Preferably, the receiver 400 is configured to: (i) detect out-of-order segments; (ii) link reordered out-of-order segments in a connection-based link list chain; (iii) drop all zero-payload segments without chaining; (iv) capture and link reordered out-of-order non-zero-payload segments that belong to the “first” or “current” transmit SACK range only; (v) drop all zero-payload segments to minimize memory storage per connection; (vi) provide network convergence before connection is fully recovered from reorder out-of-order exception processing; and (vii) provide minimal memory usage for each TCP connection by:

    • using only 1 bit for SACK valid record;
    • using 32 bits for head sequence number (left edge) for first SACK range;
    • using 32 bits for tail sequence number (right edge) for first SACK range;
    • using 1 bit for local offer window back-pressured flag;
    • having a link list head pointer;
    • having a link list tail pointer;
    • providing a link list frame tag for linking processing unit; and
    • making the chain link list accessible by the system microprocessor so that the system microprocessor is able to release from buffer memory any segment chains that remain in the chain link list for an extended period of time or if the corresponding connection is no longer active.

Thus, with reference still to FIG. 4, new segment data 412 received by the destination machine is passed to the input buffer 410 and then on to the connection processor 420. The connection processor 420 determines whether the new segment data 412 is “in-order” or “out-of-order” for the relevant communication. In-order segment data 414 is passed on to the relevant application. The appropriate ACK information 422, as maintained in ACK sequence variable 451, is also passed on to a TCP transmitter (not shown in FIG. 4) for transmission of an appropriate ACK, in conventional manner, back to the source machine to indicate that the data segment has been received.

When the connection processor 420 receives a “first” out-of-order segment, the connection processor 420 first determines whether the out-of-order data segment has a sequence range that is within the current local offer window size. If so, then the out-of-order flag and local offer window back pressure flag variables 456,458 are both activated. The TCP connection processor 420 sends an “out of order” message to the microengine 490. The microengine 490 then causes the data segment to be sent to the segment data memory manager 430, which stores the segment in database 440 and starts a link list chain in link list table 445. This chain represents a “first” or “current” SACK region. This region may be expanded, but no new SACK regions will be stored in memory, as discussed hereinafter. The left edge and right edge (plus one) sequence numbers of the out-of-order segment are also stored in their respective variable locations 452, 454.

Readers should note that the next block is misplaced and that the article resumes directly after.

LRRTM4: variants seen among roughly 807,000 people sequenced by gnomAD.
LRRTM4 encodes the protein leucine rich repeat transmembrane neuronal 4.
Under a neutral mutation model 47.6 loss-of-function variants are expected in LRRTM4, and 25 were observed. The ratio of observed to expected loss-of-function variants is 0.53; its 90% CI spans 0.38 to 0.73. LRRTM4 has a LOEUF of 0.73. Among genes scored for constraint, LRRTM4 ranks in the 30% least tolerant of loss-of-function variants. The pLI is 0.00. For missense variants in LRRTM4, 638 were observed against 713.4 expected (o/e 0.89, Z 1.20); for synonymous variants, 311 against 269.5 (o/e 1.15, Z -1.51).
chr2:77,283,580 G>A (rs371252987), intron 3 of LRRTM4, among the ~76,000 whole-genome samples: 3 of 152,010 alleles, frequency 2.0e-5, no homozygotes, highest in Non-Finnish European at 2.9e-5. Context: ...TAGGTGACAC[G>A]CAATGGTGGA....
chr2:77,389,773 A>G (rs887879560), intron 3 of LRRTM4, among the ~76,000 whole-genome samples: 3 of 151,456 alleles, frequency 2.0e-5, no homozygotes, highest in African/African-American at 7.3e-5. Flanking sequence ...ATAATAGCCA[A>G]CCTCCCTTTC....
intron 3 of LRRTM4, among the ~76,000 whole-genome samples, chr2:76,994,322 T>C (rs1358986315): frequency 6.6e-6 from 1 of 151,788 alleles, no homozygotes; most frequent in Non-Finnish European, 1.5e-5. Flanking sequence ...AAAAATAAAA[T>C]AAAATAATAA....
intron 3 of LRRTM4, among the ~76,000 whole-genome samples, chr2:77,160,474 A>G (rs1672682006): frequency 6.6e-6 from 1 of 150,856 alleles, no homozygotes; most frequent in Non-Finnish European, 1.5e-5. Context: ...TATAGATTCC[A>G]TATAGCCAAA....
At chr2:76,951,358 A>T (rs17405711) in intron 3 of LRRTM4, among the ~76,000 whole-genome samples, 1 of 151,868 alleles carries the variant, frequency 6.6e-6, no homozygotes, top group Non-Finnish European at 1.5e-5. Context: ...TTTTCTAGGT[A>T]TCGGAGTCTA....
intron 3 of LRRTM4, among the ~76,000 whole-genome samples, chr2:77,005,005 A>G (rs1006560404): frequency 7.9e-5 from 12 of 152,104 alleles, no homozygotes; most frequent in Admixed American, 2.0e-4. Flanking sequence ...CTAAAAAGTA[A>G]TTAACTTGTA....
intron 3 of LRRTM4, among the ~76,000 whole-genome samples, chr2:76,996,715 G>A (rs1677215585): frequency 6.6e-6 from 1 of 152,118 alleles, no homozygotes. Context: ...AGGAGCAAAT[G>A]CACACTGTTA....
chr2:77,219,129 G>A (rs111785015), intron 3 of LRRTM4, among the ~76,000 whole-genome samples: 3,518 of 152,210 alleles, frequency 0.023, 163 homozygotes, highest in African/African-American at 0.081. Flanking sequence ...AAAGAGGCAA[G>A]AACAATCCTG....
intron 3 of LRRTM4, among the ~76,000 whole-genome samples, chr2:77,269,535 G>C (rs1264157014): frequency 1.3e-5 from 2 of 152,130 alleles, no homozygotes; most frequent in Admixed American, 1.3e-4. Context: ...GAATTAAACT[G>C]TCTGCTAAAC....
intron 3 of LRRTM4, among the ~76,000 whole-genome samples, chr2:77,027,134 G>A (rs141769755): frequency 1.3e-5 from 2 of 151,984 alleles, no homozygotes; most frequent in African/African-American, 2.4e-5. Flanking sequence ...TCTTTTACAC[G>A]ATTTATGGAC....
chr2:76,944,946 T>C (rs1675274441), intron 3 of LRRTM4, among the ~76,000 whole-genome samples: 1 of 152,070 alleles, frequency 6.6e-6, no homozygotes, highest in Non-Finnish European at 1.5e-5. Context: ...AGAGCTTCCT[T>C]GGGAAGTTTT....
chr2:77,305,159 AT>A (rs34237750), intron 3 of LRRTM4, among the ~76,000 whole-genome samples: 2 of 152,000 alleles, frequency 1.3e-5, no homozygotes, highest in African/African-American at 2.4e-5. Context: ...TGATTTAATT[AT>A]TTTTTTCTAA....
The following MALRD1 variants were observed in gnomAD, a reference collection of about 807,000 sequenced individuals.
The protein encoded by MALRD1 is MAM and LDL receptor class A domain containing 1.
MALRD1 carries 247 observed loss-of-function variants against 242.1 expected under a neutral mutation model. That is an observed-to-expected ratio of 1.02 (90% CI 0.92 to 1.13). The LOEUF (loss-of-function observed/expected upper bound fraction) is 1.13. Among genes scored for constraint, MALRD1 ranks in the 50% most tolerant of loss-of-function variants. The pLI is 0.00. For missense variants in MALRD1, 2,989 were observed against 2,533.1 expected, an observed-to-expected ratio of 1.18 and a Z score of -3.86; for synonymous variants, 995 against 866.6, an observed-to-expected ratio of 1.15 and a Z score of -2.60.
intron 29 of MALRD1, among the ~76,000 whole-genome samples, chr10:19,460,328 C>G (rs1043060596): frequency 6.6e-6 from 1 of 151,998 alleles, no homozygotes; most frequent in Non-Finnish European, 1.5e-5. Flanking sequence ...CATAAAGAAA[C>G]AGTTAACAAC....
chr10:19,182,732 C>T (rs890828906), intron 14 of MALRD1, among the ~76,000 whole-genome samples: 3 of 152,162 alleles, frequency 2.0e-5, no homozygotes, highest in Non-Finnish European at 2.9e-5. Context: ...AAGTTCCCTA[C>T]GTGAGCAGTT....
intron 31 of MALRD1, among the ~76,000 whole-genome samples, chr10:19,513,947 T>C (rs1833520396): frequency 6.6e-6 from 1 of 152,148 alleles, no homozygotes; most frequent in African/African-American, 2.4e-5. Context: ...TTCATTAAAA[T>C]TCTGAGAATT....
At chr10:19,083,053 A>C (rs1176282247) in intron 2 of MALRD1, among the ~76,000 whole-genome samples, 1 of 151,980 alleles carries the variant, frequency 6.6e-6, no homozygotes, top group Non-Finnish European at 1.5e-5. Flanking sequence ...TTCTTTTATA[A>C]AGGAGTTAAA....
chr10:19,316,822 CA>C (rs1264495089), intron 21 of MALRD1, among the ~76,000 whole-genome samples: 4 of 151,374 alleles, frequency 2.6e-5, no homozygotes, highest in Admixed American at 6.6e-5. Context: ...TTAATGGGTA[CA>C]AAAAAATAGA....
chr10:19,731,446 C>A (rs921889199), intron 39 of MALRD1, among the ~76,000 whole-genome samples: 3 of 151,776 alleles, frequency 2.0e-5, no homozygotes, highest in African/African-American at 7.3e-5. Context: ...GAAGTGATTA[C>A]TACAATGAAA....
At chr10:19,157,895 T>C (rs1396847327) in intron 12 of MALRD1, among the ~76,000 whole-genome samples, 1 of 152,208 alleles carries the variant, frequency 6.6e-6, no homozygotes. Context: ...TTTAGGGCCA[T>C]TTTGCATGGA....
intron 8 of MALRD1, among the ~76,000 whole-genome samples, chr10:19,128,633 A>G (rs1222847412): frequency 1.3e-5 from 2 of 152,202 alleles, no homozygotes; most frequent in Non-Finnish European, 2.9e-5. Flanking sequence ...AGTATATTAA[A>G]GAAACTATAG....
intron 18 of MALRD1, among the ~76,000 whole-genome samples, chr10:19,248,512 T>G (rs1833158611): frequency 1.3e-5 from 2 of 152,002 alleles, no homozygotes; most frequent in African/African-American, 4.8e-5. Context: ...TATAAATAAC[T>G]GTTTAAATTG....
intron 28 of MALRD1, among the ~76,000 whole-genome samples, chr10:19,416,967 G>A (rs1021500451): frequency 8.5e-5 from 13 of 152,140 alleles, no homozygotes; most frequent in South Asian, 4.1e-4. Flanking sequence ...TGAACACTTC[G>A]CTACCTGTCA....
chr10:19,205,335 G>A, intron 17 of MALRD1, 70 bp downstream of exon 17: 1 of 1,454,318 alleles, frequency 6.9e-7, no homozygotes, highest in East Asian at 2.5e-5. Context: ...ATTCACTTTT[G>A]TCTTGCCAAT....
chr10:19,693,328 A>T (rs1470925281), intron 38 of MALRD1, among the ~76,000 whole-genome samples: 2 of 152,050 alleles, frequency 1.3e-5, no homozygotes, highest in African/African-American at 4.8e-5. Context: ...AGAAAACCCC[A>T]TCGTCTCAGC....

If the out-of-order data segment has a sequence range that is beyond the current local offer window size, it is merely dropped or discarded. As will also be apparent, the offer window advertised by the receiver 420 will continue to slide (i.e., stay the same size) in conventional manner as long as segments are received and processed in-order. Once an out-of-order segment is received, however, the offer window will begin to close to ensure that the receiver 420 does not receive more segments than it can handle with its limited memory and forward on to the relevant application in-order.

Further, if the data segment has a zero-payload, it is also dropped. Each of these measures ensures that the limited memory available to the receiver 420 is used in an efficient manner.

All in-order data segments received continue to be handled in the same manner as the first in-order data segment. Each in-order data segment is passed on to the application and the ACK sequence number is updated.

Any further out-of-order data segments are compared to the first or current SACK region. If any out-of-order segment is not contiguous with (i.e., there is no resulting gap between the sequence number of the new out-of-order segment and the sequence numbers of the current SACK region) and does not also expand either the left edge or right edge of the current chain, it is discarded. If the next out-of-order segment is contiguous with and expands the left edge of the current SACK region, the segment is stored in database 440, the SACK left edge variable 452 is updated, and the new segment is chained to the “head” of the current SACK region chain in the table 445. If the next out-of-order segment is contiguous with and expands the right edge of the current SACK region, the segment is stored in database 440, the SACK right edge variable 454 is updated, and the new segment is chained to the “tail” of the current SACK region chain in the table 445. This occurs unless adding such segment to the chain will cause the offer window size to be exceeded. Such a scenario should not occur unless the source machine sends data in excess of the offer window size, which is not permitted under TCP protocol. If the next out-of-order segment is contiguous with and expands both the right and the left edges of the current SACK region, the segment is stored in database 440, both the SACK left edge and right edge variables 452, 454 are updated, and the new segment is chained to the “head” of the current SACK region chain in the table 445.